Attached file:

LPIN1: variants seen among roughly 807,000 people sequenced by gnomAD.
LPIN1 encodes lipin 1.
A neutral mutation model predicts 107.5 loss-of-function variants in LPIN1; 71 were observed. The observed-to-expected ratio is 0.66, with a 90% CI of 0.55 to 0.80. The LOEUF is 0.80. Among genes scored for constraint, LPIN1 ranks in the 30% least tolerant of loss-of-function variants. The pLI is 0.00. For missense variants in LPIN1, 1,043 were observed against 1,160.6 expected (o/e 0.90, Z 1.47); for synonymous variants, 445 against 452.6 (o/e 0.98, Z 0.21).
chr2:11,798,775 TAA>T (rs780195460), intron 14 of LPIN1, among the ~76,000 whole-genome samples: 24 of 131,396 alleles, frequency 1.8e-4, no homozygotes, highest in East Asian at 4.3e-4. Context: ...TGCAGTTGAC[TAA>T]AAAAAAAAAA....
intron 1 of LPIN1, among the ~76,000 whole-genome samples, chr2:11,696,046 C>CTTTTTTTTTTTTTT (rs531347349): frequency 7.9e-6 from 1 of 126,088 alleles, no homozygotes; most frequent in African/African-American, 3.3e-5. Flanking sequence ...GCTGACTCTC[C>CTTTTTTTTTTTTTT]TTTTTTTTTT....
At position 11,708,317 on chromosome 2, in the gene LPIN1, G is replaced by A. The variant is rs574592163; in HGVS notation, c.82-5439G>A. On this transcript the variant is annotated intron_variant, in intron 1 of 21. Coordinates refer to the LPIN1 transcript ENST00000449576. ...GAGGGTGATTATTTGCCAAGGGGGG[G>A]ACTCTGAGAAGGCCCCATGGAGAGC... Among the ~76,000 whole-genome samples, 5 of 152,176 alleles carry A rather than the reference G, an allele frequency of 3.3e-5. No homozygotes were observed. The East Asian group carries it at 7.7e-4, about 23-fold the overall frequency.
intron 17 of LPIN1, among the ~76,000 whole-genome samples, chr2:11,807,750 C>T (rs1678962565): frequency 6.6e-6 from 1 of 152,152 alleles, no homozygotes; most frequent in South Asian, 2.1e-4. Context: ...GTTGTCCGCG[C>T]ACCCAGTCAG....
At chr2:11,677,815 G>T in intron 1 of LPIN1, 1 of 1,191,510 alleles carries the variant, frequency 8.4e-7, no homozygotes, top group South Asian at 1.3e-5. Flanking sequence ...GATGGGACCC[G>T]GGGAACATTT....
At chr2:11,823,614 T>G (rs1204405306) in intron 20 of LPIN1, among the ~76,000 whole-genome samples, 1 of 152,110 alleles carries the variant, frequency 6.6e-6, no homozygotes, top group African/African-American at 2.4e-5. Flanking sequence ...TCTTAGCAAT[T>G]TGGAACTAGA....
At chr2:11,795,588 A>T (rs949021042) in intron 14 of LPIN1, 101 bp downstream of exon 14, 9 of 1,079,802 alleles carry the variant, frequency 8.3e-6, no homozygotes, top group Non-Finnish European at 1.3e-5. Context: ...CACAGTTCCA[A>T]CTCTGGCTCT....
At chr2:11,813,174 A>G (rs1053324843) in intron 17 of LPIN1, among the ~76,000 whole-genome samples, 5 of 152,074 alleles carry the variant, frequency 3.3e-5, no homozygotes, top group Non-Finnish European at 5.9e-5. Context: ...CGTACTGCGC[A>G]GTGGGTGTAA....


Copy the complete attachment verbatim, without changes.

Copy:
LPIN1: variants seen among roughly 807,000 people sequenced by gnomAD.
LPIN1 encodes lipin 1.
A neutral mutation model predicts 107.5 loss-of-function variants in LPIN1; 71 were observed. The observed-to-expected ratio is 0.66, with a 90% CI of 0.55 to 0.80. The LOEUF is 0.80. Among genes scored for constraint, LPIN1 ranks in the 30% least tolerant of loss-of-function variants. The pLI is 0.00. For missense variants in LPIN1, 1,043 were observed against 1,160.6 expected (o/e 0.90, Z 1.47); for synonymous variants, 445 against 452.6 (o/e 0.98, Z 0.21).
chr2:11,798,775 TAA>T (rs780195460), intron 14 of LPIN1, among the ~76,000 whole-genome samples: 24 of 131,396 alleles, frequency 1.8e-4, no homozygotes, highest in East Asian at 4.3e-4. Context: ...TGCAGTTGAC[TAA>T]AAAAAAAAAA....
intron 1 of LPIN1, among the ~76,000 whole-genome samples, chr2:11,696,046 C>CTTTTTTTTTTTTTT (rs531347349): frequency 7.9e-6 from 1 of 126,088 alleles, no homozygotes; most frequent in African/African-American, 3.3e-5. Flanking sequence ...GCTGACTCTC[C>CTTTTTTTTTTTTTT]TTTTTTTTTT....
At position 11,708,317 on chromosome 2, in the gene LPIN1, G is replaced by A. The variant is rs574592163; in HGVS notation, c.82-5439G>A. On this transcript the variant is annotated intron_variant, in intron 1 of 21. Coordinates refer to the LPIN1 transcript ENST00000449576. ...GAGGGTGATTATTTGCCAAGGGGGG[G>A]ACTCTGAGAAGGCCCCATGGAGAGC... Among the ~76,000 whole-genome samples, 5 of 152,176 alleles carry A rather than the reference G, an allele frequency of 3.3e-5. No homozygotes were observed. The East Asian group carries it at 7.7e-4, about 23-fold the overall frequency.
intron 17 of LPIN1, among the ~76,000 whole-genome samples, chr2:11,807,750 C>T (rs1678962565): frequency 6.6e-6 from 1 of 152,152 alleles, no homozygotes; most frequent in South Asian, 2.1e-4. Context: ...GTTGTCCGCG[C>T]ACCCAGTCAG....
At chr2:11,677,815 G>T in intron 1 of LPIN1, 1 of 1,191,510 alleles carries the variant, frequency 8.4e-7, no homozygotes, top group South Asian at 1.3e-5. Flanking sequence ...GATGGGACCC[G>T]GGGAACATTT....
At chr2:11,823,614 T>G (rs1204405306) in intron 20 of LPIN1, among the ~76,000 whole-genome samples, 1 of 152,110 alleles carries the variant, frequency 6.6e-6, no homozygotes, top group African/African-American at 2.4e-5. Flanking sequence ...TCTTAGCAAT[T>G]TGGAACTAGA....
At chr2:11,795,588 A>T (rs949021042) in intron 14 of LPIN1, 101 bp downstream of exon 14, 9 of 1,079,802 alleles carry the variant, frequency 8.3e-6, no homozygotes, top group Non-Finnish European at 1.3e-5. Context: ...CACAGTTCCA[A>T]CTCTGGCTCT....
At chr2:11,813,174 A>G (rs1053324843) in intron 17 of LPIN1, among the ~76,000 whole-genome samples, 5 of 152,074 alleles carry the variant, frequency 3.3e-5, no homozygotes, top group Non-Finnish European at 5.9e-5. Context: ...CGTACTGCGC[A>G]GTGGGTGTAA....